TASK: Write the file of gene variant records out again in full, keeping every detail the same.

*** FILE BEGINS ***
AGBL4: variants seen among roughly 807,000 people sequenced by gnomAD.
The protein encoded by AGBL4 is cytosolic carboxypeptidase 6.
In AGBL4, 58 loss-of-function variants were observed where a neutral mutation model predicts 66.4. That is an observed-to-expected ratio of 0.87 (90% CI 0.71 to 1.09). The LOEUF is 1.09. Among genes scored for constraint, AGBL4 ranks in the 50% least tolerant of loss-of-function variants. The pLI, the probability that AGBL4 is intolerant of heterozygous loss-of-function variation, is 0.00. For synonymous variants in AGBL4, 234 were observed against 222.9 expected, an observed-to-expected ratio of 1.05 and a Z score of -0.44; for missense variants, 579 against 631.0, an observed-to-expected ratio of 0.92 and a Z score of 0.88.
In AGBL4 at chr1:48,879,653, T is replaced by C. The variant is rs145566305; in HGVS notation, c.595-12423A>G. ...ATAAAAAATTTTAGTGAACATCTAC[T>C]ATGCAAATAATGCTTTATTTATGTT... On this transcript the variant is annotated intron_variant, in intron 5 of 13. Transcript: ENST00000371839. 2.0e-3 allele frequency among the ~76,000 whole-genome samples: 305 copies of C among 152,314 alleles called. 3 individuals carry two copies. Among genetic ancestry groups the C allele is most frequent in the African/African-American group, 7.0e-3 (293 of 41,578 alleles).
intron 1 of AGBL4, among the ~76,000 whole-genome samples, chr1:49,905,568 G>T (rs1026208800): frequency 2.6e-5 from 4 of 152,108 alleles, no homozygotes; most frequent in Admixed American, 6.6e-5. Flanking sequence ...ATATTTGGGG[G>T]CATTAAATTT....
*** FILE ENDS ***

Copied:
AGBL4: variants seen among roughly 807,000 people sequenced by gnomAD.
The protein encoded by AGBL4 is cytosolic carboxypeptidase 6.
In AGBL4, 58 loss-of-function variants were observed where a neutral mutation model predicts 66.4. That is an observed-to-expected ratio of 0.87 (90% CI 0.71 to 1.09). The LOEUF is 1.09. Among genes scored for constraint, AGBL4 ranks in the 50% least tolerant of loss-of-function variants. The pLI, the probability that AGBL4 is intolerant of heterozygous loss-of-function variation, is 0.00. For synonymous variants in AGBL4, 234 were observed against 222.9 expected, an observed-to-expected ratio of 1.05 and a Z score of -0.44; for missense variants, 579 against 631.0, an observed-to-expected ratio of 0.92 and a Z score of 0.88.
In AGBL4 at chr1:48,879,653, T is replaced by C. The variant is rs145566305; in HGVS notation, c.595-12423A>G. ...ATAAAAAATTTTAGTGAACATCTAC[T>C]ATGCAAATAATGCTTTATTTATGTT... On this transcript the variant is annotated intron_variant, in intron 5 of 13. Transcript: ENST00000371839. 2.0e-3 allele frequency among the ~76,000 whole-genome samples: 305 copies of C among 152,314 alleles called. 3 individuals carry two copies. Among genetic ancestry groups the C allele is most frequent in the African/African-American group, 7.0e-3 (293 of 41,578 alleles).
intron 1 of AGBL4, among the ~76,000 whole-genome samples, chr1:49,905,568 G>T (rs1026208800): frequency 2.6e-5 from 4 of 152,108 alleles, no homozygotes; most frequent in Admixed American, 6.6e-5. Flanking sequence ...ATATTTGGGG[G>T]CATTAAATTT....